In Putin’s big push to win the war in Ukraine he has increased the military budget to 30% of GDP. The average in the West is around 2%. In 2024, Russia is a war machine and a terrorist state. Most citizens of Russia are unaware of it except that they must be seeing substantially poorer public services across the board. Putin has taken Russia back to the Stalin era and that includes an expansionist agenda to seize countries that he considers to be Russia – the old USSR.
In 2020, Putin, a dog lover who owns two toy poodles, promised a more civilised Russia by rewriting the country’s constitution in respect of animal protection policies and laws. His intention was to stay in power until 2036. He wanted to shape “a sense of responsibility when treating animals” in Russia. He said that the new constitution at that time “allows us to feel like civilised people”. An admission that Russian society was uncivilised before 2020 in respect of its treatment of stray dogs and cats.
It is said that war can change the mentality of a country’s citizens. The background aggression can make people anxious which can lead to the degrading of relations with others and with animals. This seems to have applied to the Kremlin because on July 24, President Vladimir Putin signed into law a fundamental change in respect of animal shelters.
Where once it was a federal concern, Russia’s regions can now write their own rules about handling homeless animals which invariably includes matters concerning euthanasia.
The regions can have quite a basic attitude towards animal welfare. News media reports that sometimes stray animals are simply hit over the head with a shovel. That can be the regional method of administering euthanasia in Russia. Volunteers report seeing dogs with their throats slit.
Elana Rudenko from Moscow who’s been volunteering to rehome homeless dogs said that the new Kremlin edict is “like a death sentence for many animals.”
She added that “The new law can just drown people like me. We fully understand what euthanasia in the regions means. No one will spend money on humane euthanasia; there the norm is hit them on the head with a shovel”.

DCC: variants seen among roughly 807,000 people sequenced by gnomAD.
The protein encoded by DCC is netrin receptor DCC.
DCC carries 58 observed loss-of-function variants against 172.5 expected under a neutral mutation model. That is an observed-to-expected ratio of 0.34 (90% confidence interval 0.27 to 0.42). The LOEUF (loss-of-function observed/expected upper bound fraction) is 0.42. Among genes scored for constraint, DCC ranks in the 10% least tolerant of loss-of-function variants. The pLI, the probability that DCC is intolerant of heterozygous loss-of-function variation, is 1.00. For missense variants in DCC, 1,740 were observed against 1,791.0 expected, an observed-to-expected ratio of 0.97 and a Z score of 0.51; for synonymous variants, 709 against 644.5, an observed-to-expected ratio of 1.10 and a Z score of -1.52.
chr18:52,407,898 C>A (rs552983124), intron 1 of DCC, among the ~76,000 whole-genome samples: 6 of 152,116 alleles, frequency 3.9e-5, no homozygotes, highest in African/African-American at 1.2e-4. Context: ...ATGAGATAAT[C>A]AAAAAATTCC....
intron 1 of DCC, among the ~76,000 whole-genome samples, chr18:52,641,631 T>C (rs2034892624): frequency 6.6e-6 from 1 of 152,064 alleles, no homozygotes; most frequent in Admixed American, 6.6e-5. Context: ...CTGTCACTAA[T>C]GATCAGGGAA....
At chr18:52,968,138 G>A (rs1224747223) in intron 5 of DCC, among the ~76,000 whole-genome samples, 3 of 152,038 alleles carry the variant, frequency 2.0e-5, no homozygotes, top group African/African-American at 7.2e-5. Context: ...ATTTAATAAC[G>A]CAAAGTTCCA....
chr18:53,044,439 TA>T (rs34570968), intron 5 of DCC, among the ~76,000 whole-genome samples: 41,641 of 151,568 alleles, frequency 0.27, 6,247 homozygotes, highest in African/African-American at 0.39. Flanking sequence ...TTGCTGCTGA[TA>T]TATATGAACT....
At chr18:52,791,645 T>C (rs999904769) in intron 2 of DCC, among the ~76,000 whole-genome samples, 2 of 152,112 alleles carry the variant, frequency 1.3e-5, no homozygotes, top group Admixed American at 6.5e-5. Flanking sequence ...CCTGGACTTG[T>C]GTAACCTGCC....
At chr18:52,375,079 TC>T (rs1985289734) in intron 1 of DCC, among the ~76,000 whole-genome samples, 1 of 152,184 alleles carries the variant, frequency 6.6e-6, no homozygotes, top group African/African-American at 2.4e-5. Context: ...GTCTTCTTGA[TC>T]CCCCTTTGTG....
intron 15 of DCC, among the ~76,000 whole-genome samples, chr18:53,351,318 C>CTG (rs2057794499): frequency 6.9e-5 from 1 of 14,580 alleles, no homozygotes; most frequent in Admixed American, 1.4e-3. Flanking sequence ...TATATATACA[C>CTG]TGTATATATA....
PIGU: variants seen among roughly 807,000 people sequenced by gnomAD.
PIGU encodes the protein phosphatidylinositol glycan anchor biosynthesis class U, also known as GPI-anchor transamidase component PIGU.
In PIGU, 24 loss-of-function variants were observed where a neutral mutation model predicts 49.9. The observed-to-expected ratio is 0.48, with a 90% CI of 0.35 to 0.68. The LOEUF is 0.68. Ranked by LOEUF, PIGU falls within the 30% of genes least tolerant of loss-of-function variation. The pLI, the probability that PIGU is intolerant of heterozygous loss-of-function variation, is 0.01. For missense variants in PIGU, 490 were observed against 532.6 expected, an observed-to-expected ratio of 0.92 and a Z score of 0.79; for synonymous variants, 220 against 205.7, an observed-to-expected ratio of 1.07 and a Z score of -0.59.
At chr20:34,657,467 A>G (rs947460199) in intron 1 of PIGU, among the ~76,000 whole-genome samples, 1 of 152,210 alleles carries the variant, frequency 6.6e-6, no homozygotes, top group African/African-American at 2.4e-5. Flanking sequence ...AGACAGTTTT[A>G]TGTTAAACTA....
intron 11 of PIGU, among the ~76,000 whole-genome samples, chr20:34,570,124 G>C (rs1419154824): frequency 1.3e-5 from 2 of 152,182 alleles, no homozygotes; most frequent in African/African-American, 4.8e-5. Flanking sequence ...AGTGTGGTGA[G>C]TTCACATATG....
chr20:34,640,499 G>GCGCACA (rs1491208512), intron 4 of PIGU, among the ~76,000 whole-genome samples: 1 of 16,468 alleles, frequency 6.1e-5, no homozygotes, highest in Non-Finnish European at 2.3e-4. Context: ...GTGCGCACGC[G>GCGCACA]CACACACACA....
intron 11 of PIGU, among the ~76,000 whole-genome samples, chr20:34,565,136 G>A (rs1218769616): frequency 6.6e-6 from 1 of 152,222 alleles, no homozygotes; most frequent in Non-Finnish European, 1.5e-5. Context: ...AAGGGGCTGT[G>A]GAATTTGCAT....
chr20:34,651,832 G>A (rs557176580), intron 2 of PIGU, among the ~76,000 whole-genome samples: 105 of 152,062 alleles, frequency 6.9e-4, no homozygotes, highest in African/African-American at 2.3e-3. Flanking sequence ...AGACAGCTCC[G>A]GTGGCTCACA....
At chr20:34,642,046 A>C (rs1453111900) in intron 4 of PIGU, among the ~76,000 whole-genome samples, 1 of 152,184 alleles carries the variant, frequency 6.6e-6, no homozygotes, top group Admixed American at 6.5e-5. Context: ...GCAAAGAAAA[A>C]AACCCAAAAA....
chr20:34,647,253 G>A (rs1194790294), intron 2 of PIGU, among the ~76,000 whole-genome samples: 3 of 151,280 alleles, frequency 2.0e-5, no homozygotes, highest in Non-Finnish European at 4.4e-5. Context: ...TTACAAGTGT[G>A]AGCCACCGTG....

Buryatia is a mountainous Russian republic in eastern Siberia north of Mongolia. Following the change, the head of the region, Alexei Tsydenov, announced that stray dogs will be placed in shelters for a certain time and if not adopted they will be killed. He said that he is in favour of euthanizing dogs. He believes that it is more humane. He even quotes the World Veterinary Association which he says recommends euthanasia.
But the World Veterinary Association only recommends euthanasia as a last resort. Buryatia is adopting the killing of stray dogs as a first resort. And they are mixing up euthanasia with killing. Both philosophically speaking and in practice.
Animal rights groups want to see a proactive approach to curbing stray cats and dogs including education to reduce ad hoc breeding and careless companion animal ownership. Buryatia is adopting a reactive approach which can never be as successful and is cruel.
The Washington Post has a photograph in their online report of January 20, 2024 entitled “Breaking protection pledge, Russian regions reinstate animal kill shelters”, which shows Russian women carrying dogs to trains to ship them out of Buryatia to western Russia where hopefully they can be rehomed.
The dogs are terrified and malnourished. Volunteers are shipping out 3,000 dogs held in Buryatian shelters in a mass evacuation to a place thousands of miles away.
Buryatia became the first region to adopt uncivilised laws resulting in ‘kill shelters’. The Kremlin’s new regulations allow the regions to set up temporary shelters. so-called, where stray animals can be put down (killed). They are meant to be humanely euthanised with two injections.
Animal rights activists say that in order to save money they use only muscle relaxants which suffocates the animal.
Before 2020 animal activists complained of brutal animal control methods in the regions. Buryatia leads the way in a more brutal world for stray dogs and cats in Russia’s regions. In order to get re-elected Putin in 2020 wanted Russian citizens to feel more civilised. It’s true that the way a country treats the vulnerable in that country meaning vulnerable people and all animals is an indicator as to how civilised country is.
There’s been a regression in Russia arguably because of Putin’s illegal invasion of Ukraine, which was meant to be a limited conflict to capture Ukraine which has turned into a brutal, mass-murdering war of attrition where hundreds of thousands of animals have been killed, thousands of children have been killed as well as innocent, noncombatant, parents.
This cruel treatment of shelter cats and dogs in Russia will take many years to unravel going forward when Putin has left the scene and Ukraine war is over. Nathan Winograd, America’s expert on no-kill shelters must be pulling his hair out reading about the cruelty meted out to Russia’s stray cats and dogs. The methods employed in Russia are the antithesis of what he campaigns for.
On a separate but linked topic, you may have read an article I wrote a little while ago about the White Coat Waste Project’s work against the unethical spending of tax dollars to fund animal experiments in America. Shockingly, American tax dollars were used to support Russian animal testing facilities where cats were cruelly abused.
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